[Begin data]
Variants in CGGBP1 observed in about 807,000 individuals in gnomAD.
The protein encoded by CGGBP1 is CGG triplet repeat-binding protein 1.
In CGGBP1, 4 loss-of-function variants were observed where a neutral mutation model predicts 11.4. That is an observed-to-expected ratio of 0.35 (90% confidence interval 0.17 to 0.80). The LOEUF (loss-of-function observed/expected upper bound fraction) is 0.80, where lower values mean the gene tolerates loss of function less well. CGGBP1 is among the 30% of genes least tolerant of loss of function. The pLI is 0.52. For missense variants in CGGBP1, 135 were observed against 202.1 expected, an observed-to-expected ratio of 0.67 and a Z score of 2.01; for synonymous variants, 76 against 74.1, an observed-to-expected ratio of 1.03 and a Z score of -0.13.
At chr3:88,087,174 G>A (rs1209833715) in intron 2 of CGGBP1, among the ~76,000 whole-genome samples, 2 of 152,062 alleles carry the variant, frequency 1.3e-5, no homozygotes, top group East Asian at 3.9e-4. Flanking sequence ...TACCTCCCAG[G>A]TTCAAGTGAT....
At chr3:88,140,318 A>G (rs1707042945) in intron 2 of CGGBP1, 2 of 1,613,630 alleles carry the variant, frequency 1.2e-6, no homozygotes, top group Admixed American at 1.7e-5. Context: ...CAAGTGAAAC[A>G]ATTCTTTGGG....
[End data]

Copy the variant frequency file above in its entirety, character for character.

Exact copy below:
Variants in CGGBP1 observed in about 807,000 individuals in gnomAD.
The protein encoded by CGGBP1 is CGG triplet repeat-binding protein 1.
In CGGBP1, 4 loss-of-function variants were observed where a neutral mutation model predicts 11.4. That is an observed-to-expected ratio of 0.35 (90% confidence interval 0.17 to 0.80). The LOEUF (loss-of-function observed/expected upper bound fraction) is 0.80, where lower values mean the gene tolerates loss of function less well. CGGBP1 is among the 30% of genes least tolerant of loss of function. The pLI is 0.52. For missense variants in CGGBP1, 135 were observed against 202.1 expected, an observed-to-expected ratio of 0.67 and a Z score of 2.01; for synonymous variants, 76 against 74.1, an observed-to-expected ratio of 1.03 and a Z score of -0.13.
At chr3:88,087,174 G>A (rs1209833715) in intron 2 of CGGBP1, among the ~76,000 whole-genome samples, 2 of 152,062 alleles carry the variant, frequency 1.3e-5, no homozygotes, top group East Asian at 3.9e-4. Flanking sequence ...TACCTCCCAG[G>A]TTCAAGTGAT....
At chr3:88,140,318 A>G (rs1707042945) in intron 2 of CGGBP1, 2 of 1,613,630 alleles carry the variant, frequency 1.2e-6, no homozygotes, top group Admixed American at 1.7e-5. Context: ...CAAGTGAAAC[A>G]ATTCTTTGGG....